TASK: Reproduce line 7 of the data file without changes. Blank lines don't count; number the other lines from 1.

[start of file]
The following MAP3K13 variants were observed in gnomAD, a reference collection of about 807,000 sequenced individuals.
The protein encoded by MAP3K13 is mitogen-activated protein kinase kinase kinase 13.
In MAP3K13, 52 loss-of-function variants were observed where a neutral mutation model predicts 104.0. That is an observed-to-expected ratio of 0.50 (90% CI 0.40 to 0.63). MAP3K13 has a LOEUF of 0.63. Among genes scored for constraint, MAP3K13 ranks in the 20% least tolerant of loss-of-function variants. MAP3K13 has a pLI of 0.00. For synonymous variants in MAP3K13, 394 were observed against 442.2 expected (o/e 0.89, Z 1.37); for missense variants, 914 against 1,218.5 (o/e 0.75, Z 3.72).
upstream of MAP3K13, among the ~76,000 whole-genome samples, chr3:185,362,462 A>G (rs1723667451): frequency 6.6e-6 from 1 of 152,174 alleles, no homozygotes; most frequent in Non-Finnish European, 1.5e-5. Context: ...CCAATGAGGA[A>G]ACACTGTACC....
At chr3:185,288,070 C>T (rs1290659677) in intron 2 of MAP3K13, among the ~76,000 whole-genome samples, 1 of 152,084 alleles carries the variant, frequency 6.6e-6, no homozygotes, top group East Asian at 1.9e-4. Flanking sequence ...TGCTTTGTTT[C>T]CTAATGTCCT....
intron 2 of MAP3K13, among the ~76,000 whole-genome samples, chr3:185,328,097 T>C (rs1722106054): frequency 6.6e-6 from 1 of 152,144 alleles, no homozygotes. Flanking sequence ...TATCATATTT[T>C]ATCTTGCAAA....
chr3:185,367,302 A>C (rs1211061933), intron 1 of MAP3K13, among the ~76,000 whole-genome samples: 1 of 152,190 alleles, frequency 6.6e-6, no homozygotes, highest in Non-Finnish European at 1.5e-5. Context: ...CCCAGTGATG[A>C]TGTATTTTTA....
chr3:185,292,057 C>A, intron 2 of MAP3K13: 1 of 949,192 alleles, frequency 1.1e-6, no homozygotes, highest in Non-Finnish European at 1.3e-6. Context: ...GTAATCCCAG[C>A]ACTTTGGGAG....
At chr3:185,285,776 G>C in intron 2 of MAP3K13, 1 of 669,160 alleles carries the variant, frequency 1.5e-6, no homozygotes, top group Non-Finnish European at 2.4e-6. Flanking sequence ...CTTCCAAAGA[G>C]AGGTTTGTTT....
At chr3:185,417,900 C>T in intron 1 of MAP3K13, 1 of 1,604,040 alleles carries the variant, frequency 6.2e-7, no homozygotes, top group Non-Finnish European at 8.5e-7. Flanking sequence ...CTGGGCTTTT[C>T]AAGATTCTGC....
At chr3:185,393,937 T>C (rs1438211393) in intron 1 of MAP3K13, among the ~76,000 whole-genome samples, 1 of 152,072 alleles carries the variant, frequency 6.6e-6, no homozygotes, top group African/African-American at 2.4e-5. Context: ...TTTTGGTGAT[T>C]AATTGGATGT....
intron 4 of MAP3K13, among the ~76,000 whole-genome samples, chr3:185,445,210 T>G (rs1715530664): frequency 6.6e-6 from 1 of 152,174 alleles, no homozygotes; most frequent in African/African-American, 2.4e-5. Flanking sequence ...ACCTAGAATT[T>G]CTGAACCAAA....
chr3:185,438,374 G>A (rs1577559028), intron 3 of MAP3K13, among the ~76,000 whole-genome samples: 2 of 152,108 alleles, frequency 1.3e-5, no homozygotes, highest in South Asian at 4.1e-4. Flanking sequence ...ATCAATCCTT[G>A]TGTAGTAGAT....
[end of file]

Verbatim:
chr3:185,367,302 A>C (rs1211061933), intron 1 of MAP3K13, among the ~76,000 whole-genome samples: 1 of 152,190 alleles, frequency 6.6e-6, no homozygotes, highest in Non-Finnish European at 1.5e-5. Context: ...CCCAGTGATG[A>C]TGTATTTTTA....